The opinions on the topic whether a business plan is a useful document or whether it is more a waste of time are not unanimous throughout the literature. Despite a lot of researches that have been conducted within this field, the findings from studies that examined whether there is a relationship between the pre-start-up formal business plan and the post-start-up efficiency of the company are not consistent throughout the literature. The word efficiency in this particular circumstance means that it has not been proved that the Business Plan will help a new venture in succeeding.
Some studies claim that they found no relationship between a formal written BP and performance. For example: "Does formal business planning enhance the performance of new ventures?" (Lumpkin et al. 1998) This study examined the relation between planning and performance among 94 firms of which 54 new entrants. Results suggest that new startup companies who use formal written business plans fail to outperform those who don't. Because haven't few of the most succesfull entrepreneurs managed to launch their new ventures en turn them into multimillion dollar corporations without the help of a business plan? Examples are Bill Gates, Micael Dell and Steve Jobbs. (Bhide, 2000)
Of course there are a lot more factors outside writing a business plan playing a role in the future success of the firm. Initially raised capital, experience of the entrepreneurs, used business model, the age of the venture, are just a few to be named. Recent studies conducted by Lange et al. (2007) took all these factors into account and examined whether pre-start up business planning affects the subsequent post-start-up performance of the new enterprise. The used dataset contained 116 Babson College alums graduated between 1985 and 2003 that started a new business since graduating. From the results of the study it appeared that there is no difference in performance between start up ventures that were launched with a business plan and those who started without.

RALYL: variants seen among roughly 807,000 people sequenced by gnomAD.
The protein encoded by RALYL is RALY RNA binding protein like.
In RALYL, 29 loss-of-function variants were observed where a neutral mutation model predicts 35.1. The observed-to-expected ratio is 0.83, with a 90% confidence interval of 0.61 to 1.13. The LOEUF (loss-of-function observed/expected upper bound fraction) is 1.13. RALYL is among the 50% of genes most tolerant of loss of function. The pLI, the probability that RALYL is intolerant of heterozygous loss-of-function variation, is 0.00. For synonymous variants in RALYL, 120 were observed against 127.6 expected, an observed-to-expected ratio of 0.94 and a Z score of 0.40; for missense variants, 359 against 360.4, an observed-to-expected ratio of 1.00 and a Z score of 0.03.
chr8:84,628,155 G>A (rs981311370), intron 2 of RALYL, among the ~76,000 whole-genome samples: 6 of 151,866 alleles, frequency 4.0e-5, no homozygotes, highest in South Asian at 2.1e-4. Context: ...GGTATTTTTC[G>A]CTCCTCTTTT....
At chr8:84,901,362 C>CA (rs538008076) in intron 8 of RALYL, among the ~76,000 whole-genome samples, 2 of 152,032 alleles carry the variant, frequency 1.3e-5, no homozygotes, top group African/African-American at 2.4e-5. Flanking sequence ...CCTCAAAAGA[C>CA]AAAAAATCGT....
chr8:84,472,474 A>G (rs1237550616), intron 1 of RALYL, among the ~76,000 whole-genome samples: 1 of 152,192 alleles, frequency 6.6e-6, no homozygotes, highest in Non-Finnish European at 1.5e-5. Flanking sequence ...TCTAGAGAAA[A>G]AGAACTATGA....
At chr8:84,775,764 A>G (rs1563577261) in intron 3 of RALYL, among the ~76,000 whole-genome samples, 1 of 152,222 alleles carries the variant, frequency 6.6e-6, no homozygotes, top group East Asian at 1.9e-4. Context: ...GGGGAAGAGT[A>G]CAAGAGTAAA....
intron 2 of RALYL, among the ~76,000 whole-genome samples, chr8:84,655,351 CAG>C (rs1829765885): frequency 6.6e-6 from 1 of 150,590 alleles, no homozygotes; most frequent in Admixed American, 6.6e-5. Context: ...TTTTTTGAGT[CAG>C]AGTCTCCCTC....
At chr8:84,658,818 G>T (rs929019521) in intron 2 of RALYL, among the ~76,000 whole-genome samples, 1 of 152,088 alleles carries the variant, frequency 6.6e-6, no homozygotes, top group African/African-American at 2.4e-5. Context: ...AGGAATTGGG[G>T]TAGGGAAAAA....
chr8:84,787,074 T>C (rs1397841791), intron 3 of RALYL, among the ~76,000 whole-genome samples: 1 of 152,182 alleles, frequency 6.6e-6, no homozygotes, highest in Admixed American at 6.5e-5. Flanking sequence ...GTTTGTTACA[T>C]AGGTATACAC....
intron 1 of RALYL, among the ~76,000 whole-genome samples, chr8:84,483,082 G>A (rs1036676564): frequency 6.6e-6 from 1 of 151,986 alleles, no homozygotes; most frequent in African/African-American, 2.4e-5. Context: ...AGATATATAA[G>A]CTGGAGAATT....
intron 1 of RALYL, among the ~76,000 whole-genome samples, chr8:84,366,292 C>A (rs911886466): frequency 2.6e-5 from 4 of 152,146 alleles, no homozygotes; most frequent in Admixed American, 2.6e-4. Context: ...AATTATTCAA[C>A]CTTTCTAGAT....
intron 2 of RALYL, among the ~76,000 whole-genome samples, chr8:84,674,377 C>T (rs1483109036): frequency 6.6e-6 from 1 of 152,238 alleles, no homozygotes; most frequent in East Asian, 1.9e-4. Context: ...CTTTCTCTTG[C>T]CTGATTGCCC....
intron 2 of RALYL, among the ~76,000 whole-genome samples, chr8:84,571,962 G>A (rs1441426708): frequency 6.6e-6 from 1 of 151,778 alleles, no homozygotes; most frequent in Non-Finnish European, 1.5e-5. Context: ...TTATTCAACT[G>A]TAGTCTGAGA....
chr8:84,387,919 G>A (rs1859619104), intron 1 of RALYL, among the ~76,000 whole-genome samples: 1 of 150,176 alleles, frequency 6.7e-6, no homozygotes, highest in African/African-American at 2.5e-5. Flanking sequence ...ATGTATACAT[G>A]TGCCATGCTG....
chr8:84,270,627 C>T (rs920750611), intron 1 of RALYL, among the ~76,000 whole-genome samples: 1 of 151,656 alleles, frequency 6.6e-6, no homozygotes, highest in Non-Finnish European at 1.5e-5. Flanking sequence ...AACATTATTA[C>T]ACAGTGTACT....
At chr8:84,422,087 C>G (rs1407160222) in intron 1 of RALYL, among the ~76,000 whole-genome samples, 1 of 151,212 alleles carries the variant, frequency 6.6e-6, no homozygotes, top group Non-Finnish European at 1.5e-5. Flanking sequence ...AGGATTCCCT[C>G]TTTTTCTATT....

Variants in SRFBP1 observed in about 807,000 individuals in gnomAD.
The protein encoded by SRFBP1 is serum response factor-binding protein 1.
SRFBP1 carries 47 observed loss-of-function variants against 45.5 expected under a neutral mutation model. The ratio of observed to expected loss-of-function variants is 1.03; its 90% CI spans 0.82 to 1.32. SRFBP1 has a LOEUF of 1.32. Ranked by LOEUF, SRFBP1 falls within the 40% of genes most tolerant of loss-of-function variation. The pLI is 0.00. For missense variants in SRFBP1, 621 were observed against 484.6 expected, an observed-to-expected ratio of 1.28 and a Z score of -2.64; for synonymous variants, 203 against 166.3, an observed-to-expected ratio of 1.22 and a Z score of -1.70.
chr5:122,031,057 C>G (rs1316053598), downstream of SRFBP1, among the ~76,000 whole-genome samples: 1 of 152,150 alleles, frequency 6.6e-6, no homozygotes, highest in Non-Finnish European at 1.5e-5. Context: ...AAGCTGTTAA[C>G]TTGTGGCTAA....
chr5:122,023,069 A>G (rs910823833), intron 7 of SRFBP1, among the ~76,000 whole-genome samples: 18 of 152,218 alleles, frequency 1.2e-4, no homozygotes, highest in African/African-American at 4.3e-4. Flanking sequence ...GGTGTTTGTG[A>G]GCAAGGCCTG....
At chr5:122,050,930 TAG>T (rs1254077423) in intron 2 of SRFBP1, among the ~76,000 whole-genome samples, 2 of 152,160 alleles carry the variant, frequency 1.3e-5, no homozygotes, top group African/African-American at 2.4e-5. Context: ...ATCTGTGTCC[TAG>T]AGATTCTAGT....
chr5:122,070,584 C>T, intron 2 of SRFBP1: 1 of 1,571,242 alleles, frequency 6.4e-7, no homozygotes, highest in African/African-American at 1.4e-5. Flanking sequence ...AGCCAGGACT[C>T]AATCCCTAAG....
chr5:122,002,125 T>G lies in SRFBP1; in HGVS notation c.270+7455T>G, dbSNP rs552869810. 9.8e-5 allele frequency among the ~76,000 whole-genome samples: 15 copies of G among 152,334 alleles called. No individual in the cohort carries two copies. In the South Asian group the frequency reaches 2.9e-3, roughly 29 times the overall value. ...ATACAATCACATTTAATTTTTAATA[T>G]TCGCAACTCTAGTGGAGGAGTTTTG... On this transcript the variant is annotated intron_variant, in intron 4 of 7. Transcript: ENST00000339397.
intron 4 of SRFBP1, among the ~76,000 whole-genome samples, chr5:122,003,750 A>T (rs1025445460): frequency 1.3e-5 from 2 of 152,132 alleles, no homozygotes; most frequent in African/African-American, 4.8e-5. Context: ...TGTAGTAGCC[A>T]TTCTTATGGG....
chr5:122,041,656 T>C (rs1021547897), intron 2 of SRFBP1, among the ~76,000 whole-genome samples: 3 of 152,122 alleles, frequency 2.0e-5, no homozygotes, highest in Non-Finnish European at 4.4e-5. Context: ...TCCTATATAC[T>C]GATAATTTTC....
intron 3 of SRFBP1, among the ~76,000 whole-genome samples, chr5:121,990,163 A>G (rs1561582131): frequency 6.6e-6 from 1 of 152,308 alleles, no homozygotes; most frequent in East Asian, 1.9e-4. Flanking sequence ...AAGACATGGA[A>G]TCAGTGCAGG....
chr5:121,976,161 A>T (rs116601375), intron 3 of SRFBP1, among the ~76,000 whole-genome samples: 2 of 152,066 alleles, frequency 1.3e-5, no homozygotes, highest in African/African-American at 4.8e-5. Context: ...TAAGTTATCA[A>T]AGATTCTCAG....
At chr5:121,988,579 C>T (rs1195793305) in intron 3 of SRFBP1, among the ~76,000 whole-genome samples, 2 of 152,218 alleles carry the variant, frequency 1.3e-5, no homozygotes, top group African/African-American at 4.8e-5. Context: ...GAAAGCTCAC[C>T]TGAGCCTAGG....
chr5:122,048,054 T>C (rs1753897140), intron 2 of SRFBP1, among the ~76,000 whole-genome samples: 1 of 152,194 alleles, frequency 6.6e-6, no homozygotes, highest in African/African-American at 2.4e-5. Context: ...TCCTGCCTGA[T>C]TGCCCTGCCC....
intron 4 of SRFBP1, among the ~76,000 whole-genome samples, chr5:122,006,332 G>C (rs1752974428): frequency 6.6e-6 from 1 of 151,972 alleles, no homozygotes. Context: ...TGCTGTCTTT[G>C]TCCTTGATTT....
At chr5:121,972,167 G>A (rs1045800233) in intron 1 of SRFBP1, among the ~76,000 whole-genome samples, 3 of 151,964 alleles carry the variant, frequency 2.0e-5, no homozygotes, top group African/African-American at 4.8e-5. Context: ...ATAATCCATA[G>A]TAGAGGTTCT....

Of course one could argue that the studied dataset has a few limitations. First of all the dataset only comprises ventures started by Babson College which is somewhat limited and will compromise the external validity. It will be difficult to generalize the findings of this study to the rest of the start-up ventures in business world. However, there are benefits at this bounded dataset: the respondents have similar educations. This will limit and take into account the influence from the independent variable, education. On the other hand the taken sample frame is randomized and longitudinal which will benefit the internal validity. This means that the research design allows to formulate a correct answer to the proposed hypothesis.
From their findings Lange et al.(2007) suggest that unless a would-be entrepreneur has to raise substantial capital from external financial sources, such as business angels, there is no compelling reason to write a business plan. Instead of writing a formal business plan Lange et al. suggest that they should do some basic financial planning such as cash flow projections, sales forecast and calculate operating cost, etc. which is also a form of business planning. This will allow them to push their venture forward and grow. By the time they possibly need a capital injection in order to sustain growth they will have their business up and running and can begin to write a formal business plan. Thanks to their proven track record of products and customers they will be more persuasive and find it a lot easier to find capital.
In contrast to the studies from Lumpkin et al. and Lange et al. , some studies have shown that planning does go together with the success and growth of new ventures. Ford et al. (2003) conducted a study of 800 randomly selected American nascent companies and found a significant positive correlation between the degree of business planning formality and financial results in year 1 and 2.
Liao and Gartner (2005) found using data from the U.S. Panel Study of Entrepreneurial Dynamics (PSED) a strong main effect for business planning: The chance to succeed from being a pre-start up venture into an emergerded firm was 2,6 time more like for entrepreneurs who completed a business plan in comparison to those who did not complete the plan.
In addition, they found that the chances for survival of ventures in an uncertain financial and competitive environment were more likely when they engaged in planning in the early stage of the start-up activities. And that ventures were more likely to continue their activities if they started to plan late in the stage of start-up activities in a certain financial and competitive environment.